Yes, take a nice long nap and then read this:

    What you may be missing is the obvious fact that if yp, y1, y2 are any functions at all, there exist functions f(x) and g(x) such that yp= f(x)y1+ g(x)y2. The only difficulty is that there are an infinite number of possible f, g functions that will work! (Here's an obvious choice: take f(x)= 0, g(x)= yp/y2. Another: take f(x)= yp/y1, g(x)= 0.) That's why, after differentiating to get yp'= f' y1+ fy1'+ g' y2+ gy2', we require that f' y1+ g' y2= 0: Out of the infinite number of possible f, g functions, we search only for those that satisfy that equation just because it simplifies the equation. Now that we have yp'= f y1'+ gy2', differentiate again: yp"= f'y1'+ fy1"+ g' y2'+ g y2". If you put those values into your original equation, you we see all terms NOT involving f' and g' disappear. That's because, since you have not differentiated them, the act like constants (think carefully about that) and we already know that any constant time y1 or y2 make that quantity 0. We are left with an equation involving only f' and g' and known functions. That together with the earlier required f' y1+ g' y2= 0 gives two equations we can solve, algebraically, for f' and g'. Integrating gives us f and g- two of the infinite number of functions that would have worked!
     
  4. Nov 13, 2007 #3
    replyin to your last paragraph:

    but if Yp = f(x) Y1 + g(x) Y2 and there are infinite f(x) and g(x) won't that mean we have infinite number of particular solutions? :S:S:S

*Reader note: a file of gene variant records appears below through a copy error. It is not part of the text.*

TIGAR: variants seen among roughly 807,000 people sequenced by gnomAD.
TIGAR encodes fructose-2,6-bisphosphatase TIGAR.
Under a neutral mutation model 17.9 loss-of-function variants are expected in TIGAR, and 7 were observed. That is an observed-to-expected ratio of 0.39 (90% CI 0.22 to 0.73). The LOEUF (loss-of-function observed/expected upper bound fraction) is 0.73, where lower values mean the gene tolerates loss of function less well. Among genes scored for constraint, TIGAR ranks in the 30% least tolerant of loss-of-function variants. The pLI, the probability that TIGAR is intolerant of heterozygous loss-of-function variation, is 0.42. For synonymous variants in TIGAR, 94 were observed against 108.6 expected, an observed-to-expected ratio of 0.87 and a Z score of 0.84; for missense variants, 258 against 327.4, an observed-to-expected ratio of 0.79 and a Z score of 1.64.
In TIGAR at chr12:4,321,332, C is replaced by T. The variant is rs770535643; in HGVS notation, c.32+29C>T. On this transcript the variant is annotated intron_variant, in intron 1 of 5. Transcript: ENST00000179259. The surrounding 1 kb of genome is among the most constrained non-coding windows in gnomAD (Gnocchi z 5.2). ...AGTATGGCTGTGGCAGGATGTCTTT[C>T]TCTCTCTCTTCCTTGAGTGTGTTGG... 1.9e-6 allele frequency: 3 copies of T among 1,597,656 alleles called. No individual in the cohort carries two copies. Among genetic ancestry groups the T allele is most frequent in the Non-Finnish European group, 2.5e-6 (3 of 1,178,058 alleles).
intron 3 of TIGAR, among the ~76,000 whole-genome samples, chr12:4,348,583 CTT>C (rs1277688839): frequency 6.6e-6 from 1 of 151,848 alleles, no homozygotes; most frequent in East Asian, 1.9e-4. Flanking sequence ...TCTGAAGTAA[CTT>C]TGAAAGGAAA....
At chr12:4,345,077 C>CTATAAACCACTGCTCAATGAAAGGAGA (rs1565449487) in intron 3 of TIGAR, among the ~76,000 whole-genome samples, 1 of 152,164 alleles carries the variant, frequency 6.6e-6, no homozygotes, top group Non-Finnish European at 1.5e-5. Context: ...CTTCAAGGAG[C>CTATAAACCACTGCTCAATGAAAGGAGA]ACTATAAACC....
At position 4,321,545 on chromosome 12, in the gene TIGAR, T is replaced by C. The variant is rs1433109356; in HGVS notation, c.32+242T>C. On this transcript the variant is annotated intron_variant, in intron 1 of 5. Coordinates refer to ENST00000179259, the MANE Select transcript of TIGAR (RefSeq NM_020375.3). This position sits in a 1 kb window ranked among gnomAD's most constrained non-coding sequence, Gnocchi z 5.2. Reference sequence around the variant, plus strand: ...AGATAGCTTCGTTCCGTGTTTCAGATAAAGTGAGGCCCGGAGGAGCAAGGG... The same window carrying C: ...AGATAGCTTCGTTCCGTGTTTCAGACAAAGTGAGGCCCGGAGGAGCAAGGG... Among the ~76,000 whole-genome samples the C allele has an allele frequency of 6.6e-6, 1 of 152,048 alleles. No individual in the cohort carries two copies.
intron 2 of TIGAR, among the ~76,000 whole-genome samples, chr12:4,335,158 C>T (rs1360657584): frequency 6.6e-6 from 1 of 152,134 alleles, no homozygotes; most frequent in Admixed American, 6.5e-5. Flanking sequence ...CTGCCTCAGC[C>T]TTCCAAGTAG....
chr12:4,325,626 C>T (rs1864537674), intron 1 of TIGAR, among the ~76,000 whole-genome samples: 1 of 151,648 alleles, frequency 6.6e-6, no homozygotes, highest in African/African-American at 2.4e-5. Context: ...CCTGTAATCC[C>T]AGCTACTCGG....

5. Nov 13, 2007 #4
    But this means if you have infinitely many f(x) and g(x) for Yp then you hav infinitely many particular solutions???? how?
     
  6. Nov 13, 2007 #5

    HallsofIvy

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    Yes, of course there are infinitely many particular solutions! Any solution to the entire equation is a "particular solution" and there are clearly an infinite number of them- that's why you need to add the "general solution" to the homogeneous equation- to allow you to go from a single "particular solution" to any "particular solution". Look at it geometrically: a subspace of R2 is a line through the origin. That corresponds to the set of solutions to a homogeneous linear differential equation. The line parallel to that but not through the origin is a "linear manifold" that is not a subspace and corresponds to the solutions to non-homogeneous differential equation. Choose any vector, [itex]\vec{v}[/itex] from the origin to a point on that line: there are clearly an infinite number of such vectors. Now, any vector on that line can be written as [tex]\vec{v}[/itex] plus a vector on the original line through the origin- there are clearly an infinite number of such "particular solutions", [itex]\vec{v}[/itex].